The dissertation is an individual student-led, ethical investigation into an applied business problem or issue. The dissertation includes a thorough and critical review of literature relevant to the research area under consideration. This is followed by the implementation of a carefully designed data collection method that adheres to the University Ethics Regulations which provides data that is analyzed using suitable data analysis methods. The findings from this analysis are used to answer the original research questions. The concept of ‘synthesis’ is central to the dissertation process – this is the ability to combine theoretical issues with findings from the analysis of practical data collection. Key points are:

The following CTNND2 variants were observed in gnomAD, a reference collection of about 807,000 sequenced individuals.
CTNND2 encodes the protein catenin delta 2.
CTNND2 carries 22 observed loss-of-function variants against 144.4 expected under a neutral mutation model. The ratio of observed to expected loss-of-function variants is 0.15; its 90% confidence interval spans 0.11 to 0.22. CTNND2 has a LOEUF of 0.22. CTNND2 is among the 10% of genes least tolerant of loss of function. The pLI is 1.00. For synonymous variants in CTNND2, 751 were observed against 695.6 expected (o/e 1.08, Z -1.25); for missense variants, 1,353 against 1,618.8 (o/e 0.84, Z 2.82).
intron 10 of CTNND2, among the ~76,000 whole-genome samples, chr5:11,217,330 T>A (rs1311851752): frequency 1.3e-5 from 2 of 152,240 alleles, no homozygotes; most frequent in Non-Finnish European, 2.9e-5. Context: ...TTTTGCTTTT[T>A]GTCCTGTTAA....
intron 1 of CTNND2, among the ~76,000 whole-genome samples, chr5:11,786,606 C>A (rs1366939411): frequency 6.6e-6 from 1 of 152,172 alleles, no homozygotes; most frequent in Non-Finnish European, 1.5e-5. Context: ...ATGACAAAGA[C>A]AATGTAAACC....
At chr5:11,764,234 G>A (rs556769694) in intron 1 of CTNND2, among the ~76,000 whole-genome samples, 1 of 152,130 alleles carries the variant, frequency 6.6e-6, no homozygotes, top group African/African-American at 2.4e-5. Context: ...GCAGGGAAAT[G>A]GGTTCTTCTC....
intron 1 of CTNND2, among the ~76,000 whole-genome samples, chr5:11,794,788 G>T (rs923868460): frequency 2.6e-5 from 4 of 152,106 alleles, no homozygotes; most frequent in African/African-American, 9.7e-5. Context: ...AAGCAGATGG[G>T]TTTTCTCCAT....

- To produce an individual academic piece of work, of a target length of 10,000 words.
- The dissertation needs to be business or management related. For those students on specialist courses, it has to be subject-related.
- The dissertation needs to have an academic focus/objective which allows you to review academic literature as well as trade and professional body publications i.e. not just standard textbooks.
- You will need to conduct research. This will take different forms depending on the objectives you have set, the findings from your literature review, and the resources available to you. For example, you may conduct a quantitative survey or qualitative research, or you make take someone else’s data and re-analyze the data and derive findings from this analysis. You will be rewarded for how well you interpret your data.
- You will need to compare and contrast your findings with your literature review.
- Draw conclusions from your literature review, any other secondary data used, and your research findings. These conclusions should relate back to the objectives set at the start of the dissertation.